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United Healthcare’s workers comp history

Amidst the speculation that UHC may be buying Coventry Health comes the inevitable questions about what UHC would do with Coventry’s work comp division. A historical perspective may be instructive.
UHC has had at least three previous ventures into the work comp world over the last fifteen years, in addition to the services delivered by its Ingenix subsidiary (fee schedules, ucr databases and the PowerTrak bill repricing software). Way back in the mid-nineties UHC was in the work comp business in Florida in a big way. UHC actually accepted risk via its health plans in Florida, calculating that it could deliver lower medical coats through a more efficient delivery system.
This worked well – until the tail caught up with UHC and they subsequently lost millions of dollars.
This may have affected the company’s view of comp going forward; since the Florida fiasco UHC has assiduously avoided comp.
At one time the company owned two comp managed care entities, Focus and MetraComp ( where I labored for a few years). Both eventually ended up at Coventry, Focus via a sale to Concentra (which was in turn bought by Coventry) and MetraComp through a sale to NHR, which was then sold to Concentra.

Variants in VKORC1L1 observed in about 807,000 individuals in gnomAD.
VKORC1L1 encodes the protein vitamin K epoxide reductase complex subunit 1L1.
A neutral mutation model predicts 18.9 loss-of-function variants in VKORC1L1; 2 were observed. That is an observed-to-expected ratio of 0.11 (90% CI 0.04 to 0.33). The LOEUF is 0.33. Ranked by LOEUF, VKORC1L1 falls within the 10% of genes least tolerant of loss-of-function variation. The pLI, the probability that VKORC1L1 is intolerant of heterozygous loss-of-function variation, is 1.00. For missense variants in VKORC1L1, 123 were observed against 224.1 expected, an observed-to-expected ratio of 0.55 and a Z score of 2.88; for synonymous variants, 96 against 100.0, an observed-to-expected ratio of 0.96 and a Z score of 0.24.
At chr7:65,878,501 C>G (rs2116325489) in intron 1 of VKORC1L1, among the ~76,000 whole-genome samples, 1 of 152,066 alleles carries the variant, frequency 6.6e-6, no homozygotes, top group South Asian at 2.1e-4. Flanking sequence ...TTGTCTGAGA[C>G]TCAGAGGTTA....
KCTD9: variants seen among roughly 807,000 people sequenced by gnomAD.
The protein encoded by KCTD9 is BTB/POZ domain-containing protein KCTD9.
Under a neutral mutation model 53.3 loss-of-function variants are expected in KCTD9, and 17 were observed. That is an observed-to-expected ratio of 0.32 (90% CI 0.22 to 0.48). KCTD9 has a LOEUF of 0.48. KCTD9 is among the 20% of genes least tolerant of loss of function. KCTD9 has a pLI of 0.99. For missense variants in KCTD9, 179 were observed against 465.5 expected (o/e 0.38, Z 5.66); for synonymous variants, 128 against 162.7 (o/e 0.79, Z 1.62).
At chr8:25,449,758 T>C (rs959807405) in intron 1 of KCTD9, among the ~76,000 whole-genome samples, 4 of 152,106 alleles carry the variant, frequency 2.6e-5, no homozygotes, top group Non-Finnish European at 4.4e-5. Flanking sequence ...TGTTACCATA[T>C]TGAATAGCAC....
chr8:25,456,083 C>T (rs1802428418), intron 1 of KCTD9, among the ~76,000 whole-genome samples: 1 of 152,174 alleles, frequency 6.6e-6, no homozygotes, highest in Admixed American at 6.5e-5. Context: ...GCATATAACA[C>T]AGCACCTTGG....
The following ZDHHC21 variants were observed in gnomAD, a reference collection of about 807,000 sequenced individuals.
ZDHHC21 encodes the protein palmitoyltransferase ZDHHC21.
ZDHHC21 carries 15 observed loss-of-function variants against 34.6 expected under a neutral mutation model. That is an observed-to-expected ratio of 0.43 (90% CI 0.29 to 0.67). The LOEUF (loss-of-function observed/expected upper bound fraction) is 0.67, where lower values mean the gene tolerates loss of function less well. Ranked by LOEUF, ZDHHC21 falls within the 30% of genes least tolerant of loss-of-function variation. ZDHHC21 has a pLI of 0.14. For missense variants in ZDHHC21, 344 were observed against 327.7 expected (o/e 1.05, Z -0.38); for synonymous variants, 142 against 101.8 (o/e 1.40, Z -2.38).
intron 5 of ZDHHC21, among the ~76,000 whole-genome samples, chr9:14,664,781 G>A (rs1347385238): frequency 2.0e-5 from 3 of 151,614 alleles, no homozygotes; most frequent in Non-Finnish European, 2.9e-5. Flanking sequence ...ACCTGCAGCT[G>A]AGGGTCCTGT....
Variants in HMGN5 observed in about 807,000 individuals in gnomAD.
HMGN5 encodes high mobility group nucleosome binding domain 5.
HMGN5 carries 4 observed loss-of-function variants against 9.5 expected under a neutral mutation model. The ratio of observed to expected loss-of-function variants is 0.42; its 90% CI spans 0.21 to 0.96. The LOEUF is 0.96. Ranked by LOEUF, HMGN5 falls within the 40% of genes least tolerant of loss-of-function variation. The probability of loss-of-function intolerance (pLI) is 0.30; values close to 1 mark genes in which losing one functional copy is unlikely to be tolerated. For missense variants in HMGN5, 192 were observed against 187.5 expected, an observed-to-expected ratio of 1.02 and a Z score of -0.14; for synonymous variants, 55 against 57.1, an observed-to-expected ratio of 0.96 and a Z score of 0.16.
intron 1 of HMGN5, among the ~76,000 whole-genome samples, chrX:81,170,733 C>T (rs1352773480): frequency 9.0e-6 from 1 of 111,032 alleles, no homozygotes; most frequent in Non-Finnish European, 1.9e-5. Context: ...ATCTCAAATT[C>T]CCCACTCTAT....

As part of the NHR deal, United agreed to let NHR access its network contracts for three years in return for an access fee. At the end if that term NHR was on its own.
If history repeats itself, UHC would likely seek to sell off the work comp division if indeed it does but Coventry. There are already discussions going on at at least two private equity firms regarding putting together a bid for the business.
This may well be just as much an indicator of the sorry state of the M&A business as the potential attractiveness of a Coventry work comp spinoff. That said, even if UHC decides not buy Coventry there is the chance that Coventry will sell the business off itself. CEO Allen Wise has not been an enthusiastic supporter of the business, at least not publicly.

2 thoughts on “United Healthcare’s workers comp history”

  1. Didn’t they pick up some worker comp business when they bought Sierra Health/HPN in Las Vegas? I haven’t heard of them divesting anything locally.

  2. They picked up some w/c when they acquired Mamsi/Alliance. They still run a little bit through OneNet (replacement name for Alliance), but they would certainly enlarge their footprint with Cvty business.

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Joe Paduda is the principal of Health Strategy Associates



A national consulting firm specializing in managed care for workers’ compensation, group health and auto, and health care cost containment. We serve insurers, employers and health care providers.



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